Innovation Interview with Scott Cook of Intuit

Innovation Interview with Scott Cook of IntuitThis is the first of a series of video and text interviews with innovation leaders at a range of companies that are seeking to create innovation excellence in their organizations. This interview, and many others with innovation leaders from trailblazing organizations around the globe, will build upon the foundation of the research and findings contained in my first book – Stoking Your Innovation Bonfire – and will form part of a case study on Intuit for my next publishing effort. This effort will be a highly collaborative and interactive endeavor looking at what is required to make innovation a deep capability in successful organizations.

If you think your organization is doing some really great work to create innovation excellence in your organization, please contact me.

I am excited to present the first innovation interview in this video interview series examining some of the topic surrounding the development of a deep innovation capability. I had the opportunity to interview Scott Cook, Co-Founder and Chairman of Intuit, at The Economist’s “Innovation 2011: Entrepreneurship for a Disruptive World” event in Berkeley, CA. In this video Scott talks about some of the key factors required in helping an organization become excellent at innovation. Below you will find the video and a written transcript.

Here is the innovation interview transcript:

Hello everyone this is Braden Kelley of Blogging Innovation (now Innovation Excellence). here with Scott Cook the founder of Intuit. Scott, I would really like to ask you about innovation and building innovation as a deep capability within the organization and as you started Intuit and as you look to grow and make it a successful company, what are some of the key things that you tried to do to help make innovation a capability in a continuous possibility for the organization.

Scott: Yeah that is something we have been spending a lot of time on over the last 4 years so I think a lot of the DNA we have on innovation is good in the company but we had lost some of the skill and capabilities. We hired new people, new managers so we went into a big rebuilding starting in 07. Things that have been very— I mean what you are trying to do, is change and improve the way teams do their daily work and the way managers, what they expect of teams.

So we worked it at all levels, so I work with teams from the top and it changes your expectations of what business unit leaders do with their teams and then we have innovation catalysts who work to couch teams and help teams when they hit innovation roadblocks or trying to leap and really change their thinking. We also work on skill building so one example is that a number of our executives had actually narrowed who we would hire from various companies, good folks but it never actually done innovation in a way that we teach people to do it.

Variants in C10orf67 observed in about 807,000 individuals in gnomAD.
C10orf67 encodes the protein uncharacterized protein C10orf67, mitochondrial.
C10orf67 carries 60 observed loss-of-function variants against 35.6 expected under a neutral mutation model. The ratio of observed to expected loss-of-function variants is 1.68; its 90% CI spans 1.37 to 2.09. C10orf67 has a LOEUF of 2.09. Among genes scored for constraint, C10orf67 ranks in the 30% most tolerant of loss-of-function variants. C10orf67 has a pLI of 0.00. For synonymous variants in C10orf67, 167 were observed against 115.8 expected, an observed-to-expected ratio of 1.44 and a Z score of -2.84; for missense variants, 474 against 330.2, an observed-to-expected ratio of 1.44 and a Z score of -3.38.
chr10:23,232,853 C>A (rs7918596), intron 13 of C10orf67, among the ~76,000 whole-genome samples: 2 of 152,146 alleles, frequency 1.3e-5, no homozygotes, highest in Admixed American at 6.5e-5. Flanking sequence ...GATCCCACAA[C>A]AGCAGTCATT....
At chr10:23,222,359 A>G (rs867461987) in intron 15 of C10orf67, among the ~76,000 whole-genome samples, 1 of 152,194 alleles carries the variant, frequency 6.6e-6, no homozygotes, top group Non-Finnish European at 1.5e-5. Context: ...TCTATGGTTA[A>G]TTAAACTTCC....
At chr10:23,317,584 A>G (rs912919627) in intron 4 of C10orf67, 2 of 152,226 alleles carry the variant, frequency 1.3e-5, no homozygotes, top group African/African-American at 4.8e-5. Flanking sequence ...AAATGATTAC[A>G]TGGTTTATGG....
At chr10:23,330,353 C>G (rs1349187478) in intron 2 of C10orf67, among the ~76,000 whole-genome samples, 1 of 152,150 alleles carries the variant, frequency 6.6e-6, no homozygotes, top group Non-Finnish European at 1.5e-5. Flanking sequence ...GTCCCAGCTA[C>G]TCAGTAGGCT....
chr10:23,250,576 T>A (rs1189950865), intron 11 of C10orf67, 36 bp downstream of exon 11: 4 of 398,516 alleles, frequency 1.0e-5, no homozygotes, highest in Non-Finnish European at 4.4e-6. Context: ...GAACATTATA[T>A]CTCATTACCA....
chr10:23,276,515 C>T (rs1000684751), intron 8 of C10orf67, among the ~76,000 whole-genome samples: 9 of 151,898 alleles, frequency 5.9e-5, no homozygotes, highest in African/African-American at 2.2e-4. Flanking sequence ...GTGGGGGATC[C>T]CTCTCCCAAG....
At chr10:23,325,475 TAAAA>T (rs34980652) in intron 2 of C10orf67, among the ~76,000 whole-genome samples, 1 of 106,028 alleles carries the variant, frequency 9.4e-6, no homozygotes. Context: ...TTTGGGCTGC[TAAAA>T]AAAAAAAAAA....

So we took 2 days of an off site with just the top 18 people in the company and had our innovation catalyst come in and have them do the very process that we expect to our teams. Customer immersion with the customers and the executives did it, why we recruited customers as they came in. The nature of going broad that day— in a nature of trying to come to a key insight, testing that insight back with the customers then going broad, I don’t care with that insight, what could you do and then narrowing.

We made them go through the same steps that we expect as a team so they personally could have done it. I find it hard for leaders to lead to a destination, they have not yet been. So that is why we had to work on a leash up level but at the same time we were working on the team so how they work. So that is, we also do internal company broadcasts where we take teams inside Intuit and they tell their stories of how they did it step-by-step because we all learn from stories.

Another thing that we do is we teach by doing. We used to teach by preaching, talk at people. I don’t find adults learn from being talked at. They just retain the same habits they already have. So if we really want to change habits you have to get them to practice the new habits. So now when we do company meetings or leadership development sessions most of it is doing very little of it as listening. We get them busy doing the very things we want them to do or with homework in advance where they had to interview people who do what we want, then to do and learning from that and report back into a very doing process.

So that has been a big change we have made as from how we actually conduct the meetings where we want to use them to change habits so it is a series of things, note it happens fast step-by-step. Some teams move faster than others and we try to use those to inspire the rest but I think as I worked with teams now I see them— we are getting better outputs higher success rates with customers much higher than ratings of new products, fewer failures are pruned out early and cheap which is the whole goal. So I have seen the output metrics now finally after 4 years at working at this that you would project in the desire from making these sorts of interventions.